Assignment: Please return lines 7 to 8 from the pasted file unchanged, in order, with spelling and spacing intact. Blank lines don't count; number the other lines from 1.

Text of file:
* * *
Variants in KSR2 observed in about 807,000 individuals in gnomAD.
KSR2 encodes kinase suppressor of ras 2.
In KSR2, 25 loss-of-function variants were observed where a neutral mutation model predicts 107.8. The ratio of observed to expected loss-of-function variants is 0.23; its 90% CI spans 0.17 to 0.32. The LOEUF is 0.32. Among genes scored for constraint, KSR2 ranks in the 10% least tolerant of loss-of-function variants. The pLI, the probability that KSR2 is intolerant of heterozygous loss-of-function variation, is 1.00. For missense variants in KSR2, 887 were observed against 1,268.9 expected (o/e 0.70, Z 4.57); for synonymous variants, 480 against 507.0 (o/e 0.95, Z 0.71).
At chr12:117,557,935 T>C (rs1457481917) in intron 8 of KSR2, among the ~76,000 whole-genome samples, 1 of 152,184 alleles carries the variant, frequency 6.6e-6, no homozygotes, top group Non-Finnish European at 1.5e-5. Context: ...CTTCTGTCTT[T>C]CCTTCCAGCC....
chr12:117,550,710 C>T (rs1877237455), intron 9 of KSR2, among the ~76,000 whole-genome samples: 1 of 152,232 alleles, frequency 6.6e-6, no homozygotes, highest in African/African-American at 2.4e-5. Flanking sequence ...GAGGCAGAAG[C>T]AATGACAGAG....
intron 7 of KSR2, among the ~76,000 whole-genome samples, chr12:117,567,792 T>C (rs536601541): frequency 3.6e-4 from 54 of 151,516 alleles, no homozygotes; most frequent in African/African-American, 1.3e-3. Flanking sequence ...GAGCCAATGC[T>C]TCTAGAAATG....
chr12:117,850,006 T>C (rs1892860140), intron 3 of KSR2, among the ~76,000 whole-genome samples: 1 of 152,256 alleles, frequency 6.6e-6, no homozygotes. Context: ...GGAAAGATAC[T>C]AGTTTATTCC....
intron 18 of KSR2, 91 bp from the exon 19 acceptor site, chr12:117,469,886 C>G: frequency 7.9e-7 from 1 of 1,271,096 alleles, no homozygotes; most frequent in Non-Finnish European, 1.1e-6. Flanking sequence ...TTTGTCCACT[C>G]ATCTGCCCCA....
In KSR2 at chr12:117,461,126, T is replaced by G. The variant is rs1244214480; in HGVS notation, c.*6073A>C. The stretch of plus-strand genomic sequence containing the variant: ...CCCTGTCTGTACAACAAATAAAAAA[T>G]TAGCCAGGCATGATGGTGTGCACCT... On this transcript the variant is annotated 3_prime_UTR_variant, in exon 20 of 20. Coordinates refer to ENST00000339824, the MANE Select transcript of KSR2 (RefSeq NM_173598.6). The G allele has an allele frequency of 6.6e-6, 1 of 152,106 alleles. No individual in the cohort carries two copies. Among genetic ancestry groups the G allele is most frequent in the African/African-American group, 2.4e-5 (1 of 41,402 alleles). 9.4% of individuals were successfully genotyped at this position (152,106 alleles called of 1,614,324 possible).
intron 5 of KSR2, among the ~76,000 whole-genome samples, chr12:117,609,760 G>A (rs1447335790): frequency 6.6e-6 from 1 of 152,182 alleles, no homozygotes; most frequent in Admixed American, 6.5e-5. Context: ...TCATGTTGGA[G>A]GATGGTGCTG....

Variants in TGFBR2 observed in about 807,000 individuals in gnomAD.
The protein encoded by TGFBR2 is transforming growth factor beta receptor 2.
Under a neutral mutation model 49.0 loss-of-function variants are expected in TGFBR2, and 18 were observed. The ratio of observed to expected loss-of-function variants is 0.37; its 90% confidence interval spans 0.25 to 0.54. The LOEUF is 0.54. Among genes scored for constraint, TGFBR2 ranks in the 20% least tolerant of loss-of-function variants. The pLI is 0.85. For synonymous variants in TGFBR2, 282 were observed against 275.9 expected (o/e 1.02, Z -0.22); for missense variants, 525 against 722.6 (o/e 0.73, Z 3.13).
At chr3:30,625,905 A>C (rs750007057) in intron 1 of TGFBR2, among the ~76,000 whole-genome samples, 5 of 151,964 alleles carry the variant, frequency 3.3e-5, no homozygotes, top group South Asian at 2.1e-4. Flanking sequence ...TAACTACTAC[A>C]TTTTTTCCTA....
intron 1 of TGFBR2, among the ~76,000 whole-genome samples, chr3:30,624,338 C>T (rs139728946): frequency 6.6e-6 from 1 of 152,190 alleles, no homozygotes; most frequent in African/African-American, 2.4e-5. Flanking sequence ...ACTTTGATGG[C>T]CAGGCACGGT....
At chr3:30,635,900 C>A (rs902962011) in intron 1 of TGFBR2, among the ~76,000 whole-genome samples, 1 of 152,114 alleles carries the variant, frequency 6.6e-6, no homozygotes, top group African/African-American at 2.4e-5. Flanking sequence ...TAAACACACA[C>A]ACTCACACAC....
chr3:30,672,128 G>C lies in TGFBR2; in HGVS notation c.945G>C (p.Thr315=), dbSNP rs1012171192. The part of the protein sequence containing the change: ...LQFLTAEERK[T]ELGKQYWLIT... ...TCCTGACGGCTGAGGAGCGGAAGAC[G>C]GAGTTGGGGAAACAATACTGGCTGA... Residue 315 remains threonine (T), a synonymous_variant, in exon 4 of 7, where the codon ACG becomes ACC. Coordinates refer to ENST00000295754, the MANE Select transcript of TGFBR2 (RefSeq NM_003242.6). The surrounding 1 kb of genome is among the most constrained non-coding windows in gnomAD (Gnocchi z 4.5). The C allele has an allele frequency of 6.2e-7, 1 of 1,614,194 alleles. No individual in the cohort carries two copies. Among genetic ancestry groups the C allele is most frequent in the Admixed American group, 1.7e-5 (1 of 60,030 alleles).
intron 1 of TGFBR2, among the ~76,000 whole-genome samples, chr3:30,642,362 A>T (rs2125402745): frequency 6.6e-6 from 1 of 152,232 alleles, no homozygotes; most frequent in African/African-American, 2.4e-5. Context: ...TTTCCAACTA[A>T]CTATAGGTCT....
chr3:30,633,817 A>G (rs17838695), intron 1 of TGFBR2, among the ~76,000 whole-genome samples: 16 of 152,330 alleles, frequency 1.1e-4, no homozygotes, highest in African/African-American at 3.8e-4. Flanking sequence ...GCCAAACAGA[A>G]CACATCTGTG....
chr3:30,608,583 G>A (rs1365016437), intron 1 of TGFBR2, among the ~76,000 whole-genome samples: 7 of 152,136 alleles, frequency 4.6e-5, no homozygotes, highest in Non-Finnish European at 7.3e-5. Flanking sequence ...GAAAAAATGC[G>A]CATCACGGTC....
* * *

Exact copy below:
chr12:117,850,006 T>C (rs1892860140), intron 3 of KSR2, among the ~76,000 whole-genome samples: 1 of 152,256 alleles, frequency 6.6e-6, no homozygotes. Context: ...GGAAAGATAC[T>C]AGTTTATTCC....
intron 18 of KSR2, 91 bp from the exon 19 acceptor site, chr12:117,469,886 C>G: frequency 7.9e-7 from 1 of 1,271,096 alleles, no homozygotes; most frequent in Non-Finnish European, 1.1e-6. Flanking sequence ...TTTGTCCACT[C>G]ATCTGCCCCA....